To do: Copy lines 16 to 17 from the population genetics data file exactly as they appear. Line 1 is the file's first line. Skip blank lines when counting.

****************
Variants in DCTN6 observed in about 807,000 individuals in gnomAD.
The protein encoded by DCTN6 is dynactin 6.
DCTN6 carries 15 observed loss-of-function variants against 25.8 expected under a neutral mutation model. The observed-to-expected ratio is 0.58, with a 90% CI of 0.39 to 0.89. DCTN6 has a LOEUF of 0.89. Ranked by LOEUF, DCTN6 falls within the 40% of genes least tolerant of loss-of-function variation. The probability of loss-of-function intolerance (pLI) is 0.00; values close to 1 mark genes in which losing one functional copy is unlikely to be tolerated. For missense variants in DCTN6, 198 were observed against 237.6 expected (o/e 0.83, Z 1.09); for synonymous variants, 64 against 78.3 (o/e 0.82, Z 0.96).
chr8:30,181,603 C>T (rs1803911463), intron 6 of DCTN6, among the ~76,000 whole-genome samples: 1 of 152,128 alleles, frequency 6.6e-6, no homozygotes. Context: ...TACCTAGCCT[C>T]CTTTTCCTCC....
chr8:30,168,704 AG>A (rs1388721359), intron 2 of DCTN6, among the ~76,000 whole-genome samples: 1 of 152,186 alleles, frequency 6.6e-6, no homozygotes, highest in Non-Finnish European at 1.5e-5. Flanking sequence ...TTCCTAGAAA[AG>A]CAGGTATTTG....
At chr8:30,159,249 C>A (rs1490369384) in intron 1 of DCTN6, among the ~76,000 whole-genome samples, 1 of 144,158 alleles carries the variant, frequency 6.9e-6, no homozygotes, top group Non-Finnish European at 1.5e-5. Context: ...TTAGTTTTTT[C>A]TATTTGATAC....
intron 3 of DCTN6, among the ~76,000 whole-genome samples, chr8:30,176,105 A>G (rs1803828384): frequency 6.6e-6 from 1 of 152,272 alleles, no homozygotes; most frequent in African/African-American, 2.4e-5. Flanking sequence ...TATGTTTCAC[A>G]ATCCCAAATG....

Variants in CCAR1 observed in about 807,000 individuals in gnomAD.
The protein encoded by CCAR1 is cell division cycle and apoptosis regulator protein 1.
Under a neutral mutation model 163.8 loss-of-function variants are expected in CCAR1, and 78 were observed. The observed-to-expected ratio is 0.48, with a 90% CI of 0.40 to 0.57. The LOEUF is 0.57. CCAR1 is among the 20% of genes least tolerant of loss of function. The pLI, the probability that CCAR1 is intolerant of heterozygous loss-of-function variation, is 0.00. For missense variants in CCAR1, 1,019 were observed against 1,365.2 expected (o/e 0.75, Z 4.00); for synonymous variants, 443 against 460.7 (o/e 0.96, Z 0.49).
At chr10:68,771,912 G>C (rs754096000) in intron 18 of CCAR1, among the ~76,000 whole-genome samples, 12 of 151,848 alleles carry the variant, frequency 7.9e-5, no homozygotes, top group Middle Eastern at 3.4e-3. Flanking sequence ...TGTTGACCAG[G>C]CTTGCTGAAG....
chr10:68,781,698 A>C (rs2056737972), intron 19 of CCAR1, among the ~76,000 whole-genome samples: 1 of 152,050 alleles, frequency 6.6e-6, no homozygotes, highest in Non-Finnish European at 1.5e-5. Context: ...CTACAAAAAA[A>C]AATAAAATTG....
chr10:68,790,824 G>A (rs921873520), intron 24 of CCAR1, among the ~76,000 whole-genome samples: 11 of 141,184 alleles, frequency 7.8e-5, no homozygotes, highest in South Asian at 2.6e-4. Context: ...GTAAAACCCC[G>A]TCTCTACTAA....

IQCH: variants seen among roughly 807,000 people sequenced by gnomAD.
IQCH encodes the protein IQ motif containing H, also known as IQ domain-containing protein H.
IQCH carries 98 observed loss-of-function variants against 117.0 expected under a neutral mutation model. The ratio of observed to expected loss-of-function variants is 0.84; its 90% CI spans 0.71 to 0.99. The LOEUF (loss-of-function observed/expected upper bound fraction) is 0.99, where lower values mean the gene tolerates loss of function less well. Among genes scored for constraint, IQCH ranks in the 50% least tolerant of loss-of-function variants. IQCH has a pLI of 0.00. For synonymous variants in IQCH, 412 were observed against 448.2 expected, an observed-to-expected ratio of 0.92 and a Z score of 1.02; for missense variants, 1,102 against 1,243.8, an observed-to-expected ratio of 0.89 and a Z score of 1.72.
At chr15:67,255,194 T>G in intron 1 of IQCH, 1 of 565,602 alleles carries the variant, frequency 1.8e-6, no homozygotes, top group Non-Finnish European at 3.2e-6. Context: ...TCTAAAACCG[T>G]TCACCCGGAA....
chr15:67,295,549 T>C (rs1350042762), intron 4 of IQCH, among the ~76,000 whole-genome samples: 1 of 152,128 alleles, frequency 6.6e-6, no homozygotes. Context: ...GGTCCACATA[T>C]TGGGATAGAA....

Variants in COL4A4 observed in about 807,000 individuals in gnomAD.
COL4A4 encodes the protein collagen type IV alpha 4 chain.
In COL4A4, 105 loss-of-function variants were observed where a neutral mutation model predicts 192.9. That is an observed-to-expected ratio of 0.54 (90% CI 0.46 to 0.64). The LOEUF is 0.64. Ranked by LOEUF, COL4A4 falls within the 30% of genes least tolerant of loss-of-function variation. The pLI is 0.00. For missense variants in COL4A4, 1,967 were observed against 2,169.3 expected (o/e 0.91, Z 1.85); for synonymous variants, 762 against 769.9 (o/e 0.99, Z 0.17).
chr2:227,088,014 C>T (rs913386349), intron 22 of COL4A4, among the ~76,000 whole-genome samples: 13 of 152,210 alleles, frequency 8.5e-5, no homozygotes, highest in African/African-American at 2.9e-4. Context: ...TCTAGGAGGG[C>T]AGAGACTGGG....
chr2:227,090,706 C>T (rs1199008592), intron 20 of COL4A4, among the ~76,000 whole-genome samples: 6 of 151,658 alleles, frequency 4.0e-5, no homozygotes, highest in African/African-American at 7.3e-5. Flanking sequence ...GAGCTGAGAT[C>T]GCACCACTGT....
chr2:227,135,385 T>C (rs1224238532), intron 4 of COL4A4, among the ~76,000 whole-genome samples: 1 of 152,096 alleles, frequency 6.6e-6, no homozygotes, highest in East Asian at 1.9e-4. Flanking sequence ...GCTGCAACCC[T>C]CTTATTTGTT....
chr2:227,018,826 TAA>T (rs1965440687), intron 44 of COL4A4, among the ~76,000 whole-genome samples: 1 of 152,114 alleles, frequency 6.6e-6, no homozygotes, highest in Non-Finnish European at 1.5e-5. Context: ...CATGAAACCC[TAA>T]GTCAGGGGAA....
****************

IQCH carries 98 observed loss-of-function variants against 117.0 expected under a neutral mutation model. The ratio of observed to expected loss-of-function variants is 0.84; its 90% CI spans 0.71 to 0.99. The LOEUF (loss-of-function observed/expected upper bound fraction) is 0.99, where lower values mean the gene tolerates loss of function less well. Among genes scored for constraint, IQCH ranks in the 50% least tolerant of loss-of-function variants. IQCH has a pLI of 0.00. For synonymous variants in IQCH, 412 were observed against 448.2 expected, an observed-to-expected ratio of 0.92 and a Z score of 1.02; for missense variants, 1,102 against 1,243.8, an observed-to-expected ratio of 0.89 and a Z score of 1.72.
At chr15:67,255,194 T>G in intron 1 of IQCH, 1 of 565,602 alleles carries the variant, frequency 1.8e-6, no homozygotes, top group Non-Finnish European at 3.2e-6. Context: ...TCTAAAACCG[T>G]TCACCCGGAA....